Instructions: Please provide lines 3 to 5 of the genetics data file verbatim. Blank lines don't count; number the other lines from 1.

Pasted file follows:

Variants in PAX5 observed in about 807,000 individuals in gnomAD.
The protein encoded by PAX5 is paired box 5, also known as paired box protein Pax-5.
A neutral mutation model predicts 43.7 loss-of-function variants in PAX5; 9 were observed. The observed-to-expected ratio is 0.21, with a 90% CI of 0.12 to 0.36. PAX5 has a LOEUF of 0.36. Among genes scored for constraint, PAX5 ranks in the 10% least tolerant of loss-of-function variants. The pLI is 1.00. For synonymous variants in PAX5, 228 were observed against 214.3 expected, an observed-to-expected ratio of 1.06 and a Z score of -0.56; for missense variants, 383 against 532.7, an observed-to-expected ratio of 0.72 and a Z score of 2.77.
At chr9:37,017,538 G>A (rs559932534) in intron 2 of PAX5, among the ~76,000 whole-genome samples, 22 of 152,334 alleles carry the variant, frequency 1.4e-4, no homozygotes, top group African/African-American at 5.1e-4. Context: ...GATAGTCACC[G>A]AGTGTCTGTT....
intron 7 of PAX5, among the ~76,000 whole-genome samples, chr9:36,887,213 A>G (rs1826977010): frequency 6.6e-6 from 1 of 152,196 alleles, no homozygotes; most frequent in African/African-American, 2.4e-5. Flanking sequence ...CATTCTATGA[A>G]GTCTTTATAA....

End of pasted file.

A neutral mutation model predicts 43.7 loss-of-function variants in PAX5; 9 were observed. The observed-to-expected ratio is 0.21, with a 90% CI of 0.12 to 0.36. PAX5 has a LOEUF of 0.36. Among genes scored for constraint, PAX5 ranks in the 10% least tolerant of loss-of-function variants. The pLI is 1.00. For synonymous variants in PAX5, 228 were observed against 214.3 expected, an observed-to-expected ratio of 1.06 and a Z score of -0.56; for missense variants, 383 against 532.7, an observed-to-expected ratio of 0.72 and a Z score of 2.77.
At chr9:37,017,538 G>A (rs559932534) in intron 2 of PAX5, among the ~76,000 whole-genome samples, 22 of 152,334 alleles carry the variant, frequency 1.4e-4, no homozygotes, top group African/African-American at 5.1e-4. Context: ...GATAGTCACC[G>A]AGTGTCTGTT....
intron 7 of PAX5, among the ~76,000 whole-genome samples, chr9:36,887,213 A>G (rs1826977010): frequency 6.6e-6 from 1 of 152,196 alleles, no homozygotes; most frequent in African/African-American, 2.4e-5. Flanking sequence ...CATTCTATGA[A>G]GTCTTTATAA....